Saturday, May 22, 2010

Tell us how you really feel

Jazz guitarist Pat Metheny really doesn't like Kenny G and really really likes the late Louis Armstrong. So when Kenny overdubbed his music on top of Pops, Pat went mental:

"But when Kenny G decided that it was appropriate for him to defile the music of the man who is probably the greatest jazz musician that has ever lived by spewing his lame-ass, jive, pseudo bluesy, out-of-tune, noodling, wimped out, f***ed up playing all over one of the great Louis's tracks (even one of his lesser ones), he did something that I would not have imagined possible. He, in one move, through his unbelievably pretentious and calloused musical decision to embark on this most cynical of musical paths, shit all over the graves of all the musicians past and present who have risked their lives by going out there on the road for years and years developing their own music inspired by the standards of grace that Louis Armstrong brought to every single note he played over an amazing lifetime as a musician. "


The whole essay is well worth reading (find it here).

Hey Mungo, I like Pat's style. Can we get him to guest blog some this summer?


Amazing, But Not Surprising

This is a problem for every state in the U.S.

Can you explain to me again how excessive compensation in private employment requires people like this to regulate us?

2008 Election Analysis

Insiders, Outsiders, and Voters in the 2008 U.S. Presidential Election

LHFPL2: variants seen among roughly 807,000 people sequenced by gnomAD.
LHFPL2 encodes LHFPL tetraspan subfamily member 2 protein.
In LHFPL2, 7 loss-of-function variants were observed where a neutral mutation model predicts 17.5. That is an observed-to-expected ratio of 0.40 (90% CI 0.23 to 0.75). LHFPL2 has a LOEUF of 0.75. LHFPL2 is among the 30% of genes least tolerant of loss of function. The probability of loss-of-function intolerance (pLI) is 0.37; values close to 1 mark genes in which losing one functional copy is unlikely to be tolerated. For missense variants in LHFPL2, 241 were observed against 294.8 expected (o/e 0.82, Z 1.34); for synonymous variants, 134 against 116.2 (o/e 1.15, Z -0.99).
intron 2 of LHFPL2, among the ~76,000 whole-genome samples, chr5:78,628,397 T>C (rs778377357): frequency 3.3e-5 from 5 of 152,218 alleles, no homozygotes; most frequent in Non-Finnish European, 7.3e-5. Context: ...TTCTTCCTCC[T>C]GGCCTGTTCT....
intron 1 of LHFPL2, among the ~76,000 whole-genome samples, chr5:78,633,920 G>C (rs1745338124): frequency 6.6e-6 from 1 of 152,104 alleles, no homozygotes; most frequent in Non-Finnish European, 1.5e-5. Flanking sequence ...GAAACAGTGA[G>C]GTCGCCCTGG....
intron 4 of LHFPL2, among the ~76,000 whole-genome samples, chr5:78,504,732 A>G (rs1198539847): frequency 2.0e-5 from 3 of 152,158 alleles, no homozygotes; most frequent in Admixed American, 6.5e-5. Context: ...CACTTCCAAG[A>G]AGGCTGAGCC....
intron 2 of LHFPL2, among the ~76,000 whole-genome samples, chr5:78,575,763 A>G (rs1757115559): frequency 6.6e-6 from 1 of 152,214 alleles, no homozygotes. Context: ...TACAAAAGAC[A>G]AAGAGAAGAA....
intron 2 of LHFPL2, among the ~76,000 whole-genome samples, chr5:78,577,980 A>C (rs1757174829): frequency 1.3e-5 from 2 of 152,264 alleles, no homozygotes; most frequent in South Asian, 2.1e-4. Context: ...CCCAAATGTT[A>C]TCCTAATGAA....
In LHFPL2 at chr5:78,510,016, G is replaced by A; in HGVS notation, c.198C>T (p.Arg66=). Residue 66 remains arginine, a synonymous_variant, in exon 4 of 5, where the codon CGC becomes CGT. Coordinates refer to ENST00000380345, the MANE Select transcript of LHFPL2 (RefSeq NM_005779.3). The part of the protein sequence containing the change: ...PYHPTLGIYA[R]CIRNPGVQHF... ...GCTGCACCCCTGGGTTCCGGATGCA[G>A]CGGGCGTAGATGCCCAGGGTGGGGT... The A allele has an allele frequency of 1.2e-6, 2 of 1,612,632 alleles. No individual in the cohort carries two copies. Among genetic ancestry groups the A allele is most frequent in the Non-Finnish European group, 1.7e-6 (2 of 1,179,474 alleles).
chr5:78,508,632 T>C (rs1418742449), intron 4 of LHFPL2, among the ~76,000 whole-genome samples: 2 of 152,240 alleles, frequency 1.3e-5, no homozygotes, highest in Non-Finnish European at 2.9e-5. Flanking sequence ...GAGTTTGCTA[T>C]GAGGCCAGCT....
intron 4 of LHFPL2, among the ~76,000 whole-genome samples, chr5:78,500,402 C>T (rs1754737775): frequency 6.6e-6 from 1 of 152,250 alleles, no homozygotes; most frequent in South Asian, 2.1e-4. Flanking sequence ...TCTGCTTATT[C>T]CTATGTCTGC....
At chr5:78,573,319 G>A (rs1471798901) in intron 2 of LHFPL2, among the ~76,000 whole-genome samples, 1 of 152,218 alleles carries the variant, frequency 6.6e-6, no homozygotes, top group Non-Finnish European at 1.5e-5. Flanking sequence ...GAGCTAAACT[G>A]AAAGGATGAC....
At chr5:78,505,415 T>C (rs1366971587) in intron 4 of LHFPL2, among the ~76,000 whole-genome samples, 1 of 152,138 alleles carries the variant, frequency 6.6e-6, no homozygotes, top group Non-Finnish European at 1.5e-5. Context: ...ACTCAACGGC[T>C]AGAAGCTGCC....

Melvin Hinich, Daron Shaw & Taofang Huang
Presidential Studies Quarterly, June 2010, Pages 264-285

Abstract: In 2008, both Barack Obama and John McCain repeatedly talked about "reform" and "change" on the campaign trail, presumably believing that voters would respond to a president who could challenge the established way of doing business. The authors gauge the significance of "reform" politics in 2008 through two analyses. First, they estimate a two-dimensional issue space, paying particular attention to the possibility of a reform /establishment dimension. Second, they consider whether voters (1) preferred reform candidates, and (2) saw Obama or McCain as credible reform candidates. The data indicate the existence of a reform-establishment dimension. However, neither Obama nor McCain effectively convinced voters that they were reformers.

----------------------

Did Bush Voters Cause Obama's Victory?
Arthur Lupia, PS: Political Science & Politics, April 2010, Pages 239-241